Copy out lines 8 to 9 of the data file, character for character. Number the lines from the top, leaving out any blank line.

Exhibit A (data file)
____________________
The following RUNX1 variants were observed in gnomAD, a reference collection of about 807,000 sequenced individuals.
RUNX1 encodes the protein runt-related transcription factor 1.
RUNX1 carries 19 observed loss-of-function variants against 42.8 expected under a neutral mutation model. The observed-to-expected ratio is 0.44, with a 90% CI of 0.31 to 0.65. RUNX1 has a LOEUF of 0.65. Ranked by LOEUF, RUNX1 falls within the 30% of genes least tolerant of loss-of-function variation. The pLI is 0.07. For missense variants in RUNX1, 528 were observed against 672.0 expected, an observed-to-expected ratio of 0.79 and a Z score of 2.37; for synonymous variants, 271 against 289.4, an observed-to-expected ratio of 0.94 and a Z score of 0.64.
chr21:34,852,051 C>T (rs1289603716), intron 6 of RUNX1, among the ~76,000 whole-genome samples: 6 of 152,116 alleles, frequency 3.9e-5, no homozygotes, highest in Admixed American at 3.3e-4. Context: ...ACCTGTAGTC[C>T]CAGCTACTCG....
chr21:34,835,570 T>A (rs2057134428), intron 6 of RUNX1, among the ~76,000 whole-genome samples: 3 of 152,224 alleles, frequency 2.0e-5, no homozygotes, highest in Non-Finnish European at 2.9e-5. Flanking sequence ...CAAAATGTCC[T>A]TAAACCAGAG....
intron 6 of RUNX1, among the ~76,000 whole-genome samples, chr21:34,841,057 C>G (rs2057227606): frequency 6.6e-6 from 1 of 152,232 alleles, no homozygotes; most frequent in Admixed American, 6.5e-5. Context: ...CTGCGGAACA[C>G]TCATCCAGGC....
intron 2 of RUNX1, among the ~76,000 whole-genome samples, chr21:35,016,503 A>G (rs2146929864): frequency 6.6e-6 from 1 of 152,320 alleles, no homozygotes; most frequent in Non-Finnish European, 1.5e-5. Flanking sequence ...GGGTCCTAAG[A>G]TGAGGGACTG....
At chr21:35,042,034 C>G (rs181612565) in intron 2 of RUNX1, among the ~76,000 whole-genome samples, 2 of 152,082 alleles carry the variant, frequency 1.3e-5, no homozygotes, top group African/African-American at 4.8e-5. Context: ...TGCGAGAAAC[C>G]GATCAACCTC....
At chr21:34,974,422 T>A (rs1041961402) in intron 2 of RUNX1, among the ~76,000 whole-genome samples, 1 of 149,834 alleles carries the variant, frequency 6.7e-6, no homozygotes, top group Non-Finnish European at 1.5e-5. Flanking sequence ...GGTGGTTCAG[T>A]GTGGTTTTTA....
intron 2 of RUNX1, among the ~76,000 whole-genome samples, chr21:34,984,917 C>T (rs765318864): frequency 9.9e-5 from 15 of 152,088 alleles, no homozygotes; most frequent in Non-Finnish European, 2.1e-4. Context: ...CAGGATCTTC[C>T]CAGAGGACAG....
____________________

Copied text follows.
At chr21:35,042,034 C>G (rs181612565) in intron 2 of RUNX1, among the ~76,000 whole-genome samples, 2 of 152,082 alleles carry the variant, frequency 1.3e-5, no homozygotes, top group African/African-American at 4.8e-5. Context: ...TGCGAGAAAC[C>G]GATCAACCTC....
At chr21:34,974,422 T>A (rs1041961402) in intron 2 of RUNX1, among the ~76,000 whole-genome samples, 1 of 149,834 alleles carries the variant, frequency 6.7e-6, no homozygotes, top group Non-Finnish European at 1.5e-5. Flanking sequence ...GGTGGTTCAG[T>A]GTGGTTTTTA....